How to Hire Your First Startup Marketer

ABOUT THIS EPISODE

Alexis Clarfield-Henry talks about what it's like to be the first marketer at a startup.

After a career in advertising, Alexis joined Unata, which built an e-commerce platform for the grocery business. 

Clarfield-Henry says one of the keys to success when hiring your first marketer is a willingness to think about of the box rather than someone who has done it before. 

“In terms of who they need to look for, that person needs to be flexible, able to roll with punches, willing to learn new things, willing to test and learn, and pivot." 

For more details about Alexis and the podcast, check out the show notes.

Hi, it's Mark Evans. Welcome to the marketing spark podcast, which features small doses of insight from marketers and entrepreneurs in the trenches. Now, by small doses it's fifteen minutes or less of stories, tools and tips about marketing success, failures and lessons learned. On today's podcast I'm talking with Alexis cod field. Henry Alexis, it's a product marketer and writer who have small businesses carved out their position with strategic thought leadership content. In two thousand and fifteen. Alexis was the first marketer at innatic. While she was there in Nata group from nineteen to eighty five people before it was acquired by Instat car. You've been a startup marketer for quite a while. I've got great experience and one of the things that I'm curious about to get your perspective on is, if you're a start up, what are the keys to hire in your first marketer? What do you need to look for? Who Do you need to look for? I think first of all, I think there's that that point in the journey of a start up where they realize, okay, they need to invest in marketing and to bring on that first marketer and I think for...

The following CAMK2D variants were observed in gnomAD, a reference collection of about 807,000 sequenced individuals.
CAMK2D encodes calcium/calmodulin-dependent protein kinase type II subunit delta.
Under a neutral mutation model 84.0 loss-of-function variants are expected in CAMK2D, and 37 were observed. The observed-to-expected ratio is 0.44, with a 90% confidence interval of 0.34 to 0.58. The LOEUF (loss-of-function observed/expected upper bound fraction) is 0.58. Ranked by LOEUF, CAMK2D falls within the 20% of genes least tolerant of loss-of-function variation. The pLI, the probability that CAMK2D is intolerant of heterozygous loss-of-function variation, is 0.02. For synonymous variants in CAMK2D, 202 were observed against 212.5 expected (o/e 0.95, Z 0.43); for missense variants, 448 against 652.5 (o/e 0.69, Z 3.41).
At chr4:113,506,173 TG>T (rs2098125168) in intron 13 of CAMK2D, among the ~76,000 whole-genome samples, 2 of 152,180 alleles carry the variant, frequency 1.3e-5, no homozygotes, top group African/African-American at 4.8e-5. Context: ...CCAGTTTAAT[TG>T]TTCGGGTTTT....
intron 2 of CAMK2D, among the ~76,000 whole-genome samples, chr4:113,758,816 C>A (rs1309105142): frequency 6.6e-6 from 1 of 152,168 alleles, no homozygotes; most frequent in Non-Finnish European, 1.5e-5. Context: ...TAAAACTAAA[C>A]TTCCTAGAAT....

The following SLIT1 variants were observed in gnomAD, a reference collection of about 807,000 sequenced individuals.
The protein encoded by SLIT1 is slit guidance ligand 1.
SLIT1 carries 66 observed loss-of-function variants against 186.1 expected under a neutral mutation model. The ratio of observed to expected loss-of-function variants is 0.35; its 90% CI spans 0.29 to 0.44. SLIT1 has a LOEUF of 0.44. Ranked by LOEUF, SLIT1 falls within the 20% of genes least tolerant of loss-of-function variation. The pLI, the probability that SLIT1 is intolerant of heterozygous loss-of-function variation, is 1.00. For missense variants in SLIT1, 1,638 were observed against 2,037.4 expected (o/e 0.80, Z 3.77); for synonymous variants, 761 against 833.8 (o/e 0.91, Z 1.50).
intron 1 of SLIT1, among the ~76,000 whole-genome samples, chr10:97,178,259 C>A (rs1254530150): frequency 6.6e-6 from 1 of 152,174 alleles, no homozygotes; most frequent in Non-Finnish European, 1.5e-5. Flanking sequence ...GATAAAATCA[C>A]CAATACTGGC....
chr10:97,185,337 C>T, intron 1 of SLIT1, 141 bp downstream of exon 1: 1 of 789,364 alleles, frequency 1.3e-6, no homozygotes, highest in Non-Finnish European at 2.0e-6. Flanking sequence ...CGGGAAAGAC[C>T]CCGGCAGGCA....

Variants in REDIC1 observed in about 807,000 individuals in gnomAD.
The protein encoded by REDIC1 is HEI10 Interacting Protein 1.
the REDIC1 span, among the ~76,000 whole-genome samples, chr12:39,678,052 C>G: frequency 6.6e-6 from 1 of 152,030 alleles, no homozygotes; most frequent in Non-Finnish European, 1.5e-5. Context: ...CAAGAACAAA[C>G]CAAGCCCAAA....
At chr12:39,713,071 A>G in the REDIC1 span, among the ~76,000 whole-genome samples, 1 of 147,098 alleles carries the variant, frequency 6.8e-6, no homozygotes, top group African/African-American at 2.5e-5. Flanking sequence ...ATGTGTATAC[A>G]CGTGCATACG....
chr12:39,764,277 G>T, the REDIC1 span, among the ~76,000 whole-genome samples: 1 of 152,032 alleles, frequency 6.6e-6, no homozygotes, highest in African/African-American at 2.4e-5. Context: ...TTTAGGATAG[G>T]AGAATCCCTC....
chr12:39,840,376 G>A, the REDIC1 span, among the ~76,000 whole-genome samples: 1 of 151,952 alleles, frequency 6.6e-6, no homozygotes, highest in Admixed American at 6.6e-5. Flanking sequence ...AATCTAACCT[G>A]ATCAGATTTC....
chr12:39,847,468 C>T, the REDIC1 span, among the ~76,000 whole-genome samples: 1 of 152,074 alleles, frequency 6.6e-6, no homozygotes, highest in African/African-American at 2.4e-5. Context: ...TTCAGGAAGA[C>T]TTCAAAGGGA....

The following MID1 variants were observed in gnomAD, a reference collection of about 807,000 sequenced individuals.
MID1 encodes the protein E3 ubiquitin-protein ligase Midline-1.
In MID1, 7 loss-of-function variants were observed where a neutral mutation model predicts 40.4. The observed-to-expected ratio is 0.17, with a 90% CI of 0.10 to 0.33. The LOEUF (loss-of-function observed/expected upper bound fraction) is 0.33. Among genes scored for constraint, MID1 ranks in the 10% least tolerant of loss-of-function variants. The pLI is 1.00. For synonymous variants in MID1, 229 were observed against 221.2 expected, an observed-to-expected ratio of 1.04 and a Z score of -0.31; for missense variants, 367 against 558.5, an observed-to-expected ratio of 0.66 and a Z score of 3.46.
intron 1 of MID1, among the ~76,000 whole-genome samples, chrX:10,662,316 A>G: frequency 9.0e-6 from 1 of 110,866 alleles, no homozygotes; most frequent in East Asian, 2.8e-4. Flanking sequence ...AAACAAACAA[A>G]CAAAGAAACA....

...for the company in terms of who they need to look for that person is. He's going to need to be very flexible, able to roll with the punches, willing to try a new thing, willing to test and learn and pivot. So I think there might be the attitude of having to find someone has done this before. I think that companies should be willing to brought in there the scope of what that person could look like in terms of their exact experience, and just make sure their personality is personality traits of being open to explore, to try new things and to work fast and to work smart a really important personality traits for that first marketer. You're started that we're going to do this, we're going to hire a marketer, and you've been that person. When you were at Yanada, you were the first marketer. Once you arrive, where you start, because in many respects you're probably starting from scratch. There may not be a lot of marketing going on, if any at all. This is a good question, I think. I think it's really...